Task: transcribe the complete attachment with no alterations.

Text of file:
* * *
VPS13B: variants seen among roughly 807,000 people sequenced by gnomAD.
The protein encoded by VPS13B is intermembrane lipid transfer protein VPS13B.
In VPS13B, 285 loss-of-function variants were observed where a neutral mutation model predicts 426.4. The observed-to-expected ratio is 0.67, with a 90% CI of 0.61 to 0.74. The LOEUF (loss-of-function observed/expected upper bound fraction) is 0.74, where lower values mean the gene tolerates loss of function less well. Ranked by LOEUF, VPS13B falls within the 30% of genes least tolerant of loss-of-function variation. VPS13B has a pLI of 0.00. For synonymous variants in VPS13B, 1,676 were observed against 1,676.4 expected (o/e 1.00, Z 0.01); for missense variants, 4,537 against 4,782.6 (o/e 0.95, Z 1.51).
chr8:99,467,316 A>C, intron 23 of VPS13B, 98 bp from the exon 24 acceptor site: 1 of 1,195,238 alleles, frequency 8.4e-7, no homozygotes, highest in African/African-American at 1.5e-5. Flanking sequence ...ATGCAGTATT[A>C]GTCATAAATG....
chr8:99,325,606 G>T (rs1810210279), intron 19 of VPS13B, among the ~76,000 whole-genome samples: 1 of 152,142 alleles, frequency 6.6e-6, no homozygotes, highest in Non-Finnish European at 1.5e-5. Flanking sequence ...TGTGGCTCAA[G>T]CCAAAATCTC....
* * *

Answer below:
VPS13B: variants seen among roughly 807,000 people sequenced by gnomAD.
The protein encoded by VPS13B is intermembrane lipid transfer protein VPS13B.
In VPS13B, 285 loss-of-function variants were observed where a neutral mutation model predicts 426.4. The observed-to-expected ratio is 0.67, with a 90% CI of 0.61 to 0.74. The LOEUF (loss-of-function observed/expected upper bound fraction) is 0.74, where lower values mean the gene tolerates loss of function less well. Ranked by LOEUF, VPS13B falls within the 30% of genes least tolerant of loss-of-function variation. VPS13B has a pLI of 0.00. For synonymous variants in VPS13B, 1,676 were observed against 1,676.4 expected (o/e 1.00, Z 0.01); for missense variants, 4,537 against 4,782.6 (o/e 0.95, Z 1.51).
chr8:99,467,316 A>C, intron 23 of VPS13B, 98 bp from the exon 24 acceptor site: 1 of 1,195,238 alleles, frequency 8.4e-7, no homozygotes, highest in African/African-American at 1.5e-5. Flanking sequence ...ATGCAGTATT[A>C]GTCATAAATG....
chr8:99,325,606 G>T (rs1810210279), intron 19 of VPS13B, among the ~76,000 whole-genome samples: 1 of 152,142 alleles, frequency 6.6e-6, no homozygotes, highest in Non-Finnish European at 1.5e-5. Flanking sequence ...TGTGGCTCAA[G>T]CCAAAATCTC....